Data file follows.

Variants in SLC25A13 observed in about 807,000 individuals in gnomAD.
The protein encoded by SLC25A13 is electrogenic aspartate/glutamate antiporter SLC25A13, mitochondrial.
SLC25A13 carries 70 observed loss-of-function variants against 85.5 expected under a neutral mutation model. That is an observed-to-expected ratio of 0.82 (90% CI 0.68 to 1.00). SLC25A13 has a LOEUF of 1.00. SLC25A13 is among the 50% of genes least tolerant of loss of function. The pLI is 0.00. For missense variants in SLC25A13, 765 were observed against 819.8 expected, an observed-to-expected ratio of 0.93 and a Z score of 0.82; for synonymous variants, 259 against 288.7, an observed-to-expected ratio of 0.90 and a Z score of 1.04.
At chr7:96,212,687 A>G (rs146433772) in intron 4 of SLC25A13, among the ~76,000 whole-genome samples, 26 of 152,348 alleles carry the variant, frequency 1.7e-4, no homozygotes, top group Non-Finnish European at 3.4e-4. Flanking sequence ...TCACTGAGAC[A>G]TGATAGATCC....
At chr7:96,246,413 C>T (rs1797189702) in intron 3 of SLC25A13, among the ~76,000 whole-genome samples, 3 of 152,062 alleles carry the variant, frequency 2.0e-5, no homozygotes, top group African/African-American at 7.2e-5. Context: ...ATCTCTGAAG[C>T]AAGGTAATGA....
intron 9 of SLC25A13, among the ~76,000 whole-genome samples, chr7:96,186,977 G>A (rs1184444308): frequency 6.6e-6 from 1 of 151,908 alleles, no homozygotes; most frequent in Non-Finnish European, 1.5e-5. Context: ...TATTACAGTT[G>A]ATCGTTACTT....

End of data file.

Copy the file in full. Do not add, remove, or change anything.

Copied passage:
Variants in SLC25A13 observed in about 807,000 individuals in gnomAD.
The protein encoded by SLC25A13 is electrogenic aspartate/glutamate antiporter SLC25A13, mitochondrial.
SLC25A13 carries 70 observed loss-of-function variants against 85.5 expected under a neutral mutation model. That is an observed-to-expected ratio of 0.82 (90% CI 0.68 to 1.00). SLC25A13 has a LOEUF of 1.00. SLC25A13 is among the 50% of genes least tolerant of loss of function. The pLI is 0.00. For missense variants in SLC25A13, 765 were observed against 819.8 expected, an observed-to-expected ratio of 0.93 and a Z score of 0.82; for synonymous variants, 259 against 288.7, an observed-to-expected ratio of 0.90 and a Z score of 1.04.
At chr7:96,212,687 A>G (rs146433772) in intron 4 of SLC25A13, among the ~76,000 whole-genome samples, 26 of 152,348 alleles carry the variant, frequency 1.7e-4, no homozygotes, top group Non-Finnish European at 3.4e-4. Flanking sequence ...TCACTGAGAC[A>G]TGATAGATCC....
At chr7:96,246,413 C>T (rs1797189702) in intron 3 of SLC25A13, among the ~76,000 whole-genome samples, 3 of 152,062 alleles carry the variant, frequency 2.0e-5, no homozygotes, top group African/African-American at 7.2e-5. Context: ...ATCTCTGAAG[C>T]AAGGTAATGA....
intron 9 of SLC25A13, among the ~76,000 whole-genome samples, chr7:96,186,977 G>A (rs1184444308): frequency 6.6e-6 from 1 of 151,908 alleles, no homozygotes; most frequent in Non-Finnish European, 1.5e-5. Context: ...TATTACAGTT[G>A]ATCGTTACTT....